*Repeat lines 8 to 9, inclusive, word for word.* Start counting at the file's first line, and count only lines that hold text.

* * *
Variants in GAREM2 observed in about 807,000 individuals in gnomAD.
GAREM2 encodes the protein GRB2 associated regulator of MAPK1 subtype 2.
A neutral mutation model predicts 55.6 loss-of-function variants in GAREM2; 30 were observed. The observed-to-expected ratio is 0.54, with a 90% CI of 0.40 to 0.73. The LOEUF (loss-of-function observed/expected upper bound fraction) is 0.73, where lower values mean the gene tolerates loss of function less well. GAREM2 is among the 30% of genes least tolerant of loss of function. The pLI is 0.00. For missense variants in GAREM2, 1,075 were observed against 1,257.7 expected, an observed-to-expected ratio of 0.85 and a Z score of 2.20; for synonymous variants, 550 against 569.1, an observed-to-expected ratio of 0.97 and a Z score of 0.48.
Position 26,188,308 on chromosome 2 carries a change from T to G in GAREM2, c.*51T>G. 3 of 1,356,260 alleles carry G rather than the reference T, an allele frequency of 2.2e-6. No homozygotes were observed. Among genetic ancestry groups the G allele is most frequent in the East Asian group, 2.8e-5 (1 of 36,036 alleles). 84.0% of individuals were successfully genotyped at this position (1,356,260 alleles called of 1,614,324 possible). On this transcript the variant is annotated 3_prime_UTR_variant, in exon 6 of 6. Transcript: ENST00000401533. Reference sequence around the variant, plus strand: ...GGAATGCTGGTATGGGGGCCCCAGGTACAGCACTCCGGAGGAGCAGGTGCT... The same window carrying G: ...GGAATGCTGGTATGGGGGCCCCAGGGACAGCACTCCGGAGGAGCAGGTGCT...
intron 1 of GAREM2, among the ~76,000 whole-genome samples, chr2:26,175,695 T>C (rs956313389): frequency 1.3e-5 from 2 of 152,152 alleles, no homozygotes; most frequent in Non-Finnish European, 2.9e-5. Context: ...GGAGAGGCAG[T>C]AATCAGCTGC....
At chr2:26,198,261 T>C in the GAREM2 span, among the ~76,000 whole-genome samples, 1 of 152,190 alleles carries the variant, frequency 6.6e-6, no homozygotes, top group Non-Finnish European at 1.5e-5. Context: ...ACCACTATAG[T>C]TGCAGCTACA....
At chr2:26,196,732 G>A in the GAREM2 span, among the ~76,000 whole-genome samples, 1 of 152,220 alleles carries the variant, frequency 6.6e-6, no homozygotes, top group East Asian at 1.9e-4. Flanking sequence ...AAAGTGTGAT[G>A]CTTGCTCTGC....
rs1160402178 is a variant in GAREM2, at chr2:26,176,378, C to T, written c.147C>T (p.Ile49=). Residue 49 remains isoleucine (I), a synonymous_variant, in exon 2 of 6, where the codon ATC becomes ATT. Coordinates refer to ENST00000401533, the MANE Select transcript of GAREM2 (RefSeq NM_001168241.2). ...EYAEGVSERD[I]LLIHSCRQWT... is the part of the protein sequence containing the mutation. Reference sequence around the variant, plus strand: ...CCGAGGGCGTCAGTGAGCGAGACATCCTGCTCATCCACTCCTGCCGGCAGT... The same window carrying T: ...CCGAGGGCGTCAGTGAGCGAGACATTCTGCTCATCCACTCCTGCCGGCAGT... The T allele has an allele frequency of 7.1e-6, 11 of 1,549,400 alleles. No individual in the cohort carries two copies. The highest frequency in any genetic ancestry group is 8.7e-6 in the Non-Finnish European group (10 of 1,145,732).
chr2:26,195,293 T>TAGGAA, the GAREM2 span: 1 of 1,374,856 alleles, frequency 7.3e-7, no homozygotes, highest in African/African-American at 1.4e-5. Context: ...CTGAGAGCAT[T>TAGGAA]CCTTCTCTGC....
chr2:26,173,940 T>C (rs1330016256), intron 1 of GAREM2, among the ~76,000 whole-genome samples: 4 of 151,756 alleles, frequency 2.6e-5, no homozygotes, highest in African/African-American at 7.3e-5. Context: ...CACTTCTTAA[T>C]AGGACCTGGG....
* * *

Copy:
rs1160402178 is a variant in GAREM2, at chr2:26,176,378, C to T, written c.147C>T (p.Ile49=). Residue 49 remains isoleucine (I), a synonymous_variant, in exon 2 of 6, where the codon ATC becomes ATT. Coordinates refer to ENST00000401533, the MANE Select transcript of GAREM2 (RefSeq NM_001168241.2). ...EYAEGVSERD[I]LLIHSCRQWT... is the part of the protein sequence containing the mutation. Reference sequence around the variant, plus strand: ...CCGAGGGCGTCAGTGAGCGAGACATCCTGCTCATCCACTCCTGCCGGCAGT... The same window carrying T: ...CCGAGGGCGTCAGTGAGCGAGACATTCTGCTCATCCACTCCTGCCGGCAGT... The T allele has an allele frequency of 7.1e-6, 11 of 1,549,400 alleles. No individual in the cohort carries two copies. The highest frequency in any genetic ancestry group is 8.7e-6 in the Non-Finnish European group (10 of 1,145,732).
chr2:26,195,293 T>TAGGAA, the GAREM2 span: 1 of 1,374,856 alleles, frequency 7.3e-7, no homozygotes, highest in African/African-American at 1.4e-5. Context: ...CTGAGAGCAT[T>TAGGAA]CCTTCTCTGC....